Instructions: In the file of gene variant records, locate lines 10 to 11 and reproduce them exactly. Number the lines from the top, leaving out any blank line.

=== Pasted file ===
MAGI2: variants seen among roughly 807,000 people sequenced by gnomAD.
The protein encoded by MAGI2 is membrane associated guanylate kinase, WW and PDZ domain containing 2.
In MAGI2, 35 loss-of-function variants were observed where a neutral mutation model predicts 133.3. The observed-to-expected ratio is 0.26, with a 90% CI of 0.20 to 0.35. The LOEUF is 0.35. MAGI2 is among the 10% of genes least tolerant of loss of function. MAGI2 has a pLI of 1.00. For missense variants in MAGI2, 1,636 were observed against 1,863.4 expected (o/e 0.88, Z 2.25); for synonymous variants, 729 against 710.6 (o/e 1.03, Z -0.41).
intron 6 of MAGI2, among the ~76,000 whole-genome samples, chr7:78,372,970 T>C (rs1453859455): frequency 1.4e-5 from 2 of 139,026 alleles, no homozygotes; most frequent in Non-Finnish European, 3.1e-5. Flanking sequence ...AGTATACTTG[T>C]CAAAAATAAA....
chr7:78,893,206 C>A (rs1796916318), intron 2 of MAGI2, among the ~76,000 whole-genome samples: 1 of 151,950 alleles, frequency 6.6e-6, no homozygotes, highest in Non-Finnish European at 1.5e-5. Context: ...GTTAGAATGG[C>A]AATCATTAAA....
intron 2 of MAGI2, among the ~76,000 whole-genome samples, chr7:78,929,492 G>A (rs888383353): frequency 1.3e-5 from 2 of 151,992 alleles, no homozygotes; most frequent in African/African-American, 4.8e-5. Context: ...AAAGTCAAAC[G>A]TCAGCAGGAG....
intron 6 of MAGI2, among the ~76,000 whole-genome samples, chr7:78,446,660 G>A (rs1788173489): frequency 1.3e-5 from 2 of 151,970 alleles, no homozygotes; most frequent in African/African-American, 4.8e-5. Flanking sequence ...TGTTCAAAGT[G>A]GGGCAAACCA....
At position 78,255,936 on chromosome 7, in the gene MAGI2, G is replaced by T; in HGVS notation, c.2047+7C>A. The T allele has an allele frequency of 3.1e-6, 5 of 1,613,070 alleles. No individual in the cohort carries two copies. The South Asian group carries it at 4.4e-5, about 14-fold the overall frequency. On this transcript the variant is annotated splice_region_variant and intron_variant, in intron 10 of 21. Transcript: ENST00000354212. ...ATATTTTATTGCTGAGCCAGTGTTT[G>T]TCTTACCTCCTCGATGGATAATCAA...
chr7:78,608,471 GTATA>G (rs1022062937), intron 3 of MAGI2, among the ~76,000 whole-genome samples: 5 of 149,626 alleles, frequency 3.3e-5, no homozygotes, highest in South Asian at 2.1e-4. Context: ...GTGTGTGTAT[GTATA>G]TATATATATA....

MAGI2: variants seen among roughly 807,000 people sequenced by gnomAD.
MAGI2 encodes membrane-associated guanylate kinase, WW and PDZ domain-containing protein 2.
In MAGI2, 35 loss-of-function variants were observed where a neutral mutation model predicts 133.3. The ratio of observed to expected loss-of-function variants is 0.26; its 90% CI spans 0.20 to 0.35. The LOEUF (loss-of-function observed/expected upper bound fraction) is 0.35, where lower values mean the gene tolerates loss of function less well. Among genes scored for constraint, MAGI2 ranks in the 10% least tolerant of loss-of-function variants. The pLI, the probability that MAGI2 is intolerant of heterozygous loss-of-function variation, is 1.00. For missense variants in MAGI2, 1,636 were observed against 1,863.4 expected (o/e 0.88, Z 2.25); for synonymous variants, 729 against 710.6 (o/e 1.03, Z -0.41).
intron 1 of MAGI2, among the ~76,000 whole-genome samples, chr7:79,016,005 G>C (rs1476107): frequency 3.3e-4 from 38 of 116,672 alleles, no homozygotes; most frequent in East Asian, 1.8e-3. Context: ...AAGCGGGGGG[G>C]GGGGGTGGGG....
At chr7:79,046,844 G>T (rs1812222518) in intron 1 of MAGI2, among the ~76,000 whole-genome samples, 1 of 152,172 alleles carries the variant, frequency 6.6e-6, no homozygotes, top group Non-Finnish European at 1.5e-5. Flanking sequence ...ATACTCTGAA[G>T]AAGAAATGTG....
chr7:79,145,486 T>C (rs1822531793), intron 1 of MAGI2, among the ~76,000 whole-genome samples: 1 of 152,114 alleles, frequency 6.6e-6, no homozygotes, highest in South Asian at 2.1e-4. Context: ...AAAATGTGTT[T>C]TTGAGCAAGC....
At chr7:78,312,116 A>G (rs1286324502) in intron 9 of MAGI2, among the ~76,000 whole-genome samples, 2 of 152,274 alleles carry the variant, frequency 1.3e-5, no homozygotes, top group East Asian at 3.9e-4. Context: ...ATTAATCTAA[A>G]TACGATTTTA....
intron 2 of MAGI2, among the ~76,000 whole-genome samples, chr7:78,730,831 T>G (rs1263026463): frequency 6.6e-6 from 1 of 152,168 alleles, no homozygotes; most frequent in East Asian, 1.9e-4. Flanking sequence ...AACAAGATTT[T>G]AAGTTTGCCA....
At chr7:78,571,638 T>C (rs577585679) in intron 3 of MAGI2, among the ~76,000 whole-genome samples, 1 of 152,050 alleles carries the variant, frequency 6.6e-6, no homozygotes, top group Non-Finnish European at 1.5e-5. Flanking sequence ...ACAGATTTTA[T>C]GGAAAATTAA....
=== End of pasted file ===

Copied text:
MAGI2: variants seen among roughly 807,000 people sequenced by gnomAD.
MAGI2 encodes membrane-associated guanylate kinase, WW and PDZ domain-containing protein 2.